GLENDALE, Ariz. – Burning Questions: One big one – how should the Detroit Lions feel after a 27-27 tie with the Arizona Cardinals in the opening game of the season?
Answer: It goes in the record books as a tie, and it's in the standings as a tie for both teams, but for the Detroit Lions it should feel like a loss.
And it a lot of ways, it was a loss. There isn't an ounce of satisfaction for the Lions. They had a 24-6 lead in the first minute of the fourth quarter and had shackled Arizona's offense under rookie quarterback Kyler Murray.
All of it came unraveled in a rally by the Cardinals that came from nowhere. They scored a field goal, two touchdowns and a game-tying two-point conversion that sent the game into overtime.
An exchange of field goals left the game in a tie – one that will haunt the Lions for days to come, and probably longer.
Q. What was the feeling in the first minute of the fourth quarter, when the Lions scored a touchdown to take what seemed like a safe 24-6 lead in a game that they had dominated to that point?
A. At that point the Lions looked like a team that had a year of experience together and was starting its second season with a much more complete grasp of the schemes and demands of head coach Matt Patricia and his staff.
It wasn't a perfect game – especially penalties on the offensive line, and what could have been a disastrous fumbled punt – but the Lions were clearly a better team than they were in last year's opener.
They were good enough to win an opener this year, despite some hairy moments in the fourth quarter. Last year they lost games like the one Sunday.
View photos from the Detroit Lions at Arizona Cardinals Week 1 game at University of Phoenix Stadium on Sunday, Sept. 8, 2019 in Glendale, Arizona.
Q. First half key: What was it for the Lions to have a 17-3 lead after the first half?
A. Persistence. That's what drove the Lions and put them in command for the first 30 minutes.
Head coach Matt Patricia talks about how the team keeps grinding – through the offseason, training camp and the preseason – and that's what the Lions did in the first half.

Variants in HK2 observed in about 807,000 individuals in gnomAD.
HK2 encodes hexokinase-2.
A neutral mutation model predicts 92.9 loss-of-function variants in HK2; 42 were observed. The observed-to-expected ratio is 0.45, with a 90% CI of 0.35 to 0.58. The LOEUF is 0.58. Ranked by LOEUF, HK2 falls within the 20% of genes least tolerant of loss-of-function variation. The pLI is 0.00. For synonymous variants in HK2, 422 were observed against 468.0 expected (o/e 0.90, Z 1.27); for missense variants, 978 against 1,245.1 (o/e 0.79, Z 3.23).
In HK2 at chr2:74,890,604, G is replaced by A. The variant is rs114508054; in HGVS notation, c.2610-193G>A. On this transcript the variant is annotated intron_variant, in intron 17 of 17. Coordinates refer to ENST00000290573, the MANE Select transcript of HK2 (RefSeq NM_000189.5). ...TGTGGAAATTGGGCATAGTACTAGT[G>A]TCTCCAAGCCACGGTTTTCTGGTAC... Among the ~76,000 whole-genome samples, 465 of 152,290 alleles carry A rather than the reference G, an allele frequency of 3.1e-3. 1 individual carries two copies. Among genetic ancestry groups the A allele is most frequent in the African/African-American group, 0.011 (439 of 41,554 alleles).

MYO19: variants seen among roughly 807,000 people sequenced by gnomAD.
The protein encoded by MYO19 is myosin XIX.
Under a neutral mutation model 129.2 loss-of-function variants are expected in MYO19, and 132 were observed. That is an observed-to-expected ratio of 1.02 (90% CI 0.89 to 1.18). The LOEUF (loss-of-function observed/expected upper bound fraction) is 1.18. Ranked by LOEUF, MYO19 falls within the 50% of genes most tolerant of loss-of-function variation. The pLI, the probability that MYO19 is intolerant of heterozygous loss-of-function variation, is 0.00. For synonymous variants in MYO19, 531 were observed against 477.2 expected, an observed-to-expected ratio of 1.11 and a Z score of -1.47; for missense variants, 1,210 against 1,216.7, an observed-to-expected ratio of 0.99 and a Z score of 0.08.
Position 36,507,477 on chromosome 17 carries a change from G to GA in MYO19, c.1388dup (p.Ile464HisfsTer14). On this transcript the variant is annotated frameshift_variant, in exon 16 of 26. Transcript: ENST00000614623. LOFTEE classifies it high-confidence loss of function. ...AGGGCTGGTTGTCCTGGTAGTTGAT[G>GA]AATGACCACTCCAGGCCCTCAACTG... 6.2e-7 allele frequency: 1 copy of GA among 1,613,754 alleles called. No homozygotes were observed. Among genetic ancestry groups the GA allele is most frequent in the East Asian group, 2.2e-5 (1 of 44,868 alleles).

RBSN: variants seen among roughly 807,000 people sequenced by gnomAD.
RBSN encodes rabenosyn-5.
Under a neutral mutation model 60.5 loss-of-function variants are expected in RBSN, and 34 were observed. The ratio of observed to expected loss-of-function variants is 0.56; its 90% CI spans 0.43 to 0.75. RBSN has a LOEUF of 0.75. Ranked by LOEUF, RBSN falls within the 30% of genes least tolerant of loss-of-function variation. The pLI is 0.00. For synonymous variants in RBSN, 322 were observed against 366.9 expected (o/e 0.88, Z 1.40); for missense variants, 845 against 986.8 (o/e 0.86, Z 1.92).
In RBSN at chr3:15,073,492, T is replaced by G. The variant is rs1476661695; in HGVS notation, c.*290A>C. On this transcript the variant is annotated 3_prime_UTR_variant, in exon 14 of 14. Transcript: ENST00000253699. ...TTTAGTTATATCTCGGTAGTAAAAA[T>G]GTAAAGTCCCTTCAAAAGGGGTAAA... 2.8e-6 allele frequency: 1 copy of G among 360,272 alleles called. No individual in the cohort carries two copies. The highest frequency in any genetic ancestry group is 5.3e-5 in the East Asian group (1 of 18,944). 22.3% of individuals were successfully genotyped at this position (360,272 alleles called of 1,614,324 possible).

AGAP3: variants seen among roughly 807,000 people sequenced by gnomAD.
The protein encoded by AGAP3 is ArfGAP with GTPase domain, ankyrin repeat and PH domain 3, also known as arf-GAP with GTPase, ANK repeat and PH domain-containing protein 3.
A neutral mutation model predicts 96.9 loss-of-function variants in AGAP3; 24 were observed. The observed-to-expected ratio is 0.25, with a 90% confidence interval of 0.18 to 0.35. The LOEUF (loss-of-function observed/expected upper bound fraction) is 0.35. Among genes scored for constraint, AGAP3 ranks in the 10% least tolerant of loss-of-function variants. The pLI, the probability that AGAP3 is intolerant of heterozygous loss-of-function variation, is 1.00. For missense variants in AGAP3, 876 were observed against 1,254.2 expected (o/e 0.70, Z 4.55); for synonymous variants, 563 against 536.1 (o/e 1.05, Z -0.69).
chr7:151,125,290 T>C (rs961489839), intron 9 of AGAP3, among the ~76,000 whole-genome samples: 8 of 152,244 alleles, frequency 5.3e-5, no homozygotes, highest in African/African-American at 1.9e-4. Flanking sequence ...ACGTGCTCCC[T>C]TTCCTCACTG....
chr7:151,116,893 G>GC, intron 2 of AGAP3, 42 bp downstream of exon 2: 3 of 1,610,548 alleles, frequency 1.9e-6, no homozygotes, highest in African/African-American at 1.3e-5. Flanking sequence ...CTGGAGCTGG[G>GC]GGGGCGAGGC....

And they did that in all three phases. They converted key plays on offense to get their two touchdowns – on quarterback Matthew Stafford's passes to wide receivers Danny Amendola and Kenny Golladay -- made big stops on defense and played well on special teams with the exception of one big breakdown.
And even with that breakdown – a fumbled punt by Jamal Agnew that led to the Cardinals kicking a field goal in the last two minutes – the defense made a stand near the goal line to make the Cardinals settle for the field goal.
Q. Second half key: What was it?
A. Bottom line: They couldn't close it out after building that 24-6 lead in the first minute of the fourth quarter. The defense could not make stops.
Q. The Time Out: Stafford completed a pass on third down that would have given the Lions a first down and would have let them just about run out the clock in the fourth quarter and clinch a win. But the play was nullified because time had been called on the Lions' sideline. How damaging was that?
A. It was hard to explain or justify why time was called. The Lions clearly had a play called that worked. Running back J.D. McKissic was wide open as he cut to the right and got the first down with yards to spare.
The Lions misfired on the next third-down play, and Sam Martin's punt was partially blocked, giving the Cardinals a relatively short field for their drive to the TD and two-point conversion that tied the game.
Q. The offense: It did some good things as we finally had the unveiling of new offensive coordinator Darrell Bevell's attack in a game that counts. What did it show that was different?
A. It's a one-game analysis, but there was a little more variety in formations. Stafford threw the ball downfield, and across the middle more than in previous years.
Rookie tight end T.J. Hockenson was more involved in the passing game than any of the tight ends last season – and for good reason. He produced.
Q. Moving on: What do the Lions do to get ready for next week's game at home against the Chargers?
A. Try to forget the failure against the Cardinals – which will be hard to do. But they have no choice.
Their critics won't let them forget. That's for sure.